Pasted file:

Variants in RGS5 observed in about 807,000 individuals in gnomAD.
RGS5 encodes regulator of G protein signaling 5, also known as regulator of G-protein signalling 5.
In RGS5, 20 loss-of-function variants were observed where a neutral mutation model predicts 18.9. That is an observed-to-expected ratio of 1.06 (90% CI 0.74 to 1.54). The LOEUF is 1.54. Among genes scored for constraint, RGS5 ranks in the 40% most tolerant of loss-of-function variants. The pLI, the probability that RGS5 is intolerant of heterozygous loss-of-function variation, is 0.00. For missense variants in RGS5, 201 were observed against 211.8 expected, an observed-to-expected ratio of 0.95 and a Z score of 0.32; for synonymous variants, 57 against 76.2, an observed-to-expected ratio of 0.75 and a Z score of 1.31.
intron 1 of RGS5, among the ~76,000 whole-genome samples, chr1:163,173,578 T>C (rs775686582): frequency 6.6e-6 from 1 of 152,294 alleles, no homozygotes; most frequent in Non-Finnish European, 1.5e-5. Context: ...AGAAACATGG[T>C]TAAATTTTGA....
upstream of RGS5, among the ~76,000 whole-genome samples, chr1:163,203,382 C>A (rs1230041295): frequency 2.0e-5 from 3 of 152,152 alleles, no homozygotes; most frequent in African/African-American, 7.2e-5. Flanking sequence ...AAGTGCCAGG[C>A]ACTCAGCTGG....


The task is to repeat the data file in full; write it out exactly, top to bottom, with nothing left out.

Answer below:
Variants in RGS5 observed in about 807,000 individuals in gnomAD.
RGS5 encodes regulator of G protein signaling 5, also known as regulator of G-protein signalling 5.
In RGS5, 20 loss-of-function variants were observed where a neutral mutation model predicts 18.9. That is an observed-to-expected ratio of 1.06 (90% CI 0.74 to 1.54). The LOEUF is 1.54. Among genes scored for constraint, RGS5 ranks in the 40% most tolerant of loss-of-function variants. The pLI, the probability that RGS5 is intolerant of heterozygous loss-of-function variation, is 0.00. For missense variants in RGS5, 201 were observed against 211.8 expected, an observed-to-expected ratio of 0.95 and a Z score of 0.32; for synonymous variants, 57 against 76.2, an observed-to-expected ratio of 0.75 and a Z score of 1.31.
intron 1 of RGS5, among the ~76,000 whole-genome samples, chr1:163,173,578 T>C (rs775686582): frequency 6.6e-6 from 1 of 152,294 alleles, no homozygotes; most frequent in Non-Finnish European, 1.5e-5. Context: ...AGAAACATGG[T>C]TAAATTTTGA....
upstream of RGS5, among the ~76,000 whole-genome samples, chr1:163,203,382 C>A (rs1230041295): frequency 2.0e-5 from 3 of 152,152 alleles, no homozygotes; most frequent in African/African-American, 7.2e-5. Flanking sequence ...AAGTGCCAGG[C>A]ACTCAGCTGG....